Drawing upon quantitative and qualitative data gathered during a four-year ethnographic study of 44 British homicide investigations, this paper advances the sparse literature on how closed-circuit television (CCTV) contributes to criminal investigations and the risks associated with its use. Based on insights gleaned from interviews with homicide detectives, analysis of case files and observations of live homicide investigations, we examine how CCTV is used during homicide investigations focusing principally on two key investigative moments – identifying and charging suspects. Our quantitative data indicate that CCTV is used more frequently than any other kind of forensic science or technology to both identify and charge suspects. Nevertheless, our qualitative data reveal numerous challenges associated with how CCTV footage is recovered, viewed, shared, interpreted and packaged for court. We reveal the individual and organisational processes and workarounds that have emerged in a socio-technical landscape that lacks clear standards and principles. We discuss the implications of these findings for practice and policy and their relevance to questions about the socially constructed nature of forensic scientific knowledge.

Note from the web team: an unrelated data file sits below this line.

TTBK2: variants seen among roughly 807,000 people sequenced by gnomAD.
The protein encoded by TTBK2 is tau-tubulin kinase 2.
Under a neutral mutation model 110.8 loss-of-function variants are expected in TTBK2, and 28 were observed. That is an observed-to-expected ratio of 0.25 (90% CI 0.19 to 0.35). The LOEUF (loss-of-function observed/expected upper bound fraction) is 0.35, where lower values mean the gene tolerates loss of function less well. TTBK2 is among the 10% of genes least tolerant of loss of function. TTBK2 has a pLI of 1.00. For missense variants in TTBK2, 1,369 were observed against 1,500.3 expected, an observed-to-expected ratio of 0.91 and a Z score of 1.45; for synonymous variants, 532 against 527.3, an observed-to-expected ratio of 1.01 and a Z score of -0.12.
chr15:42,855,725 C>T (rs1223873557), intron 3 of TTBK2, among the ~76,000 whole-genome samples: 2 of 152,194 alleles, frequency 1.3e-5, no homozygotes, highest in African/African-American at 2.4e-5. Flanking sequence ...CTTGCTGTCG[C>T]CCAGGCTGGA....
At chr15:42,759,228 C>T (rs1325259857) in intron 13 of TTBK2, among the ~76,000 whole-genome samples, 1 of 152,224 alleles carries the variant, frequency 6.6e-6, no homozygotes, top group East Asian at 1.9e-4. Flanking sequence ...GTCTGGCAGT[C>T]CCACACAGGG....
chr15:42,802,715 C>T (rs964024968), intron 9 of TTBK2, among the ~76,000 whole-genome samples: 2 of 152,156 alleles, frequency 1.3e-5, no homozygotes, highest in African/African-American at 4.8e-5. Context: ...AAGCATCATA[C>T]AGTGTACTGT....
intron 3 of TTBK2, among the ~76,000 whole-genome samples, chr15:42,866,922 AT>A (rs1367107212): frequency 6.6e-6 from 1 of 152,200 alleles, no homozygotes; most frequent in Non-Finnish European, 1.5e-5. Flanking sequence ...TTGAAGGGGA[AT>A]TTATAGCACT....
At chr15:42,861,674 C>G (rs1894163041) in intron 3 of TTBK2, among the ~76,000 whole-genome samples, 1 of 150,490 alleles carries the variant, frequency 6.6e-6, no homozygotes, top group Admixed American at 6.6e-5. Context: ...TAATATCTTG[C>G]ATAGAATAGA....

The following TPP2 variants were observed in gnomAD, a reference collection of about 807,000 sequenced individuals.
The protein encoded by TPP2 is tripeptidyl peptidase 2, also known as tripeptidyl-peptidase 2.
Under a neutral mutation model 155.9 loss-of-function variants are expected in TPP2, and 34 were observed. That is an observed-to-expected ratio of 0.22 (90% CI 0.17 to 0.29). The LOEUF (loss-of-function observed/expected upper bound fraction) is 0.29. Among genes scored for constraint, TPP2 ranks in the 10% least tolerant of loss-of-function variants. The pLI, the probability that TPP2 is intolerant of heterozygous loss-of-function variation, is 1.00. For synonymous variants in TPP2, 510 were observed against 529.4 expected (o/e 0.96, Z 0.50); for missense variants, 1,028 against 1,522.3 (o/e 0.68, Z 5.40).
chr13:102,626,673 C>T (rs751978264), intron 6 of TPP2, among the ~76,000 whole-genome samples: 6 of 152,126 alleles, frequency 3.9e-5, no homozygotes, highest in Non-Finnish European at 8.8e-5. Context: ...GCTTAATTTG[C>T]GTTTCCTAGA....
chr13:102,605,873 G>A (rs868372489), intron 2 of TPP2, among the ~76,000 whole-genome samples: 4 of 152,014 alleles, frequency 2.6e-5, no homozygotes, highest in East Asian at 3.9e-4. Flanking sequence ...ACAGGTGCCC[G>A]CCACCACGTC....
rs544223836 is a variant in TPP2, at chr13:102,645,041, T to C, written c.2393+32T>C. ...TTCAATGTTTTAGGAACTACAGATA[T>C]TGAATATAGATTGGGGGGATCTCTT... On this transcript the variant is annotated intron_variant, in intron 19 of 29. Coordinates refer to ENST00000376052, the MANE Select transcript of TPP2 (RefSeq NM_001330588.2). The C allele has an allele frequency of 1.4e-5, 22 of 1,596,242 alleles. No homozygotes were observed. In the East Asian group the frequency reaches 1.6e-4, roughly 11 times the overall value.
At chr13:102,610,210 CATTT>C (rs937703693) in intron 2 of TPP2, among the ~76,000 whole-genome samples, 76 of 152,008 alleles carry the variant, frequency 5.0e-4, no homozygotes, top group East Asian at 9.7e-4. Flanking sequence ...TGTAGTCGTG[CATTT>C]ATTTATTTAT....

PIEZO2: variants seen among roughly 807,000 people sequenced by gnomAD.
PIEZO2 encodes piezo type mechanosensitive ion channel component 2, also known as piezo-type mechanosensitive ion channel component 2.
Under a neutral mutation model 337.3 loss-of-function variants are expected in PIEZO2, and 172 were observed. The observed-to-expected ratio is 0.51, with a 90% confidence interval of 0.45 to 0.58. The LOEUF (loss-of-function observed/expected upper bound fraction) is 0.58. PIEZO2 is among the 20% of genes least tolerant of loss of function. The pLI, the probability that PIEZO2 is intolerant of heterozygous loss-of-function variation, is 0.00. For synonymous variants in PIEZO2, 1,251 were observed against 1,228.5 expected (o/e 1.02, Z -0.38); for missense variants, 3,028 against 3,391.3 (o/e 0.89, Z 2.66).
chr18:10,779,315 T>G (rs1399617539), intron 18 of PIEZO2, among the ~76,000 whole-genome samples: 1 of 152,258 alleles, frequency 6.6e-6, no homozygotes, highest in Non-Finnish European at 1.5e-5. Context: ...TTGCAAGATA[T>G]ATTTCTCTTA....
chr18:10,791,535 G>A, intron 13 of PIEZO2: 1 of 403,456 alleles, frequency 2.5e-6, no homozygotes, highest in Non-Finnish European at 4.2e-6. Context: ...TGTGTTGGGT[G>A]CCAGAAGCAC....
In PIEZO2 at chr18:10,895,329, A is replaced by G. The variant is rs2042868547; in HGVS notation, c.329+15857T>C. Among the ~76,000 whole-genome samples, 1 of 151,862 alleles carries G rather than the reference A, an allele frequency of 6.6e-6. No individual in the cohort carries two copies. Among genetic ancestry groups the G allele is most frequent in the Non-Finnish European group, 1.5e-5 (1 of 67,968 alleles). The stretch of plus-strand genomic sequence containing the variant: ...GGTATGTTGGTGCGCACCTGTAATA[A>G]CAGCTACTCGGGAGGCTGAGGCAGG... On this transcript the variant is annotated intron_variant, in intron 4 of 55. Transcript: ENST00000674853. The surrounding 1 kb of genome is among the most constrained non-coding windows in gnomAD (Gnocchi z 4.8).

|Nifer y tudalennau||20|
|Cyfnodolyn||Policing and Society: An International Journal of Research and Policy|
|Dyddiad ar-lein cynnar||31 Ion 2021|
|Dynodwyr Gwrthrych Digidol (DOIs)|
|Statws||E-gyhoeddi cyn argraffu - 31 Ion 2021|